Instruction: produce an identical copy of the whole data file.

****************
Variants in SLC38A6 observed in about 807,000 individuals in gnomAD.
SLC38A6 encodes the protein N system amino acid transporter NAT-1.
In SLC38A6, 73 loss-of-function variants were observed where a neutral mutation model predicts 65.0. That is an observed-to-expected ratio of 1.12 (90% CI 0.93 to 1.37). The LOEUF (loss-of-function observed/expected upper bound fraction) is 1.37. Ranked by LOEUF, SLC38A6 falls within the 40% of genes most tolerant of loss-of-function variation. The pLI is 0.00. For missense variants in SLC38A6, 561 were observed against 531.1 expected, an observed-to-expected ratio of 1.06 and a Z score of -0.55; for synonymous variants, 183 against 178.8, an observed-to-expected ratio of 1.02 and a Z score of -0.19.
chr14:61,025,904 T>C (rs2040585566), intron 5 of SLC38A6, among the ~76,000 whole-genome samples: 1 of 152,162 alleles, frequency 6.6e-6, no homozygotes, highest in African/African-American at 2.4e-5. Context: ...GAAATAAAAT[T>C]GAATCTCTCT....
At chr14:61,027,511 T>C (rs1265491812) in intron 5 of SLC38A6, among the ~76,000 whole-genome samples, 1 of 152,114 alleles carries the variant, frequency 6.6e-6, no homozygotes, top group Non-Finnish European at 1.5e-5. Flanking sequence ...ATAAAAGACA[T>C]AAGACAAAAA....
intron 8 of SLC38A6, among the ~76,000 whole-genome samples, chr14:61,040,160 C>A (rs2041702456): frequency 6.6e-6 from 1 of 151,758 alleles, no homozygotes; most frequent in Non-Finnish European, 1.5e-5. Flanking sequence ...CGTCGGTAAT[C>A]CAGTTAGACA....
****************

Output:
Variants in SLC38A6 observed in about 807,000 individuals in gnomAD.
SLC38A6 encodes the protein N system amino acid transporter NAT-1.
In SLC38A6, 73 loss-of-function variants were observed where a neutral mutation model predicts 65.0. That is an observed-to-expected ratio of 1.12 (90% CI 0.93 to 1.37). The LOEUF (loss-of-function observed/expected upper bound fraction) is 1.37. Ranked by LOEUF, SLC38A6 falls within the 40% of genes most tolerant of loss-of-function variation. The pLI is 0.00. For missense variants in SLC38A6, 561 were observed against 531.1 expected, an observed-to-expected ratio of 1.06 and a Z score of -0.55; for synonymous variants, 183 against 178.8, an observed-to-expected ratio of 1.02 and a Z score of -0.19.
chr14:61,025,904 T>C (rs2040585566), intron 5 of SLC38A6, among the ~76,000 whole-genome samples: 1 of 152,162 alleles, frequency 6.6e-6, no homozygotes, highest in African/African-American at 2.4e-5. Context: ...GAAATAAAAT[T>C]GAATCTCTCT....
At chr14:61,027,511 T>C (rs1265491812) in intron 5 of SLC38A6, among the ~76,000 whole-genome samples, 1 of 152,114 alleles carries the variant, frequency 6.6e-6, no homozygotes, top group Non-Finnish European at 1.5e-5. Flanking sequence ...ATAAAAGACA[T>C]AAGACAAAAA....
intron 8 of SLC38A6, among the ~76,000 whole-genome samples, chr14:61,040,160 C>A (rs2041702456): frequency 6.6e-6 from 1 of 151,758 alleles, no homozygotes; most frequent in Non-Finnish European, 1.5e-5. Flanking sequence ...CGTCGGTAAT[C>A]CAGTTAGACA....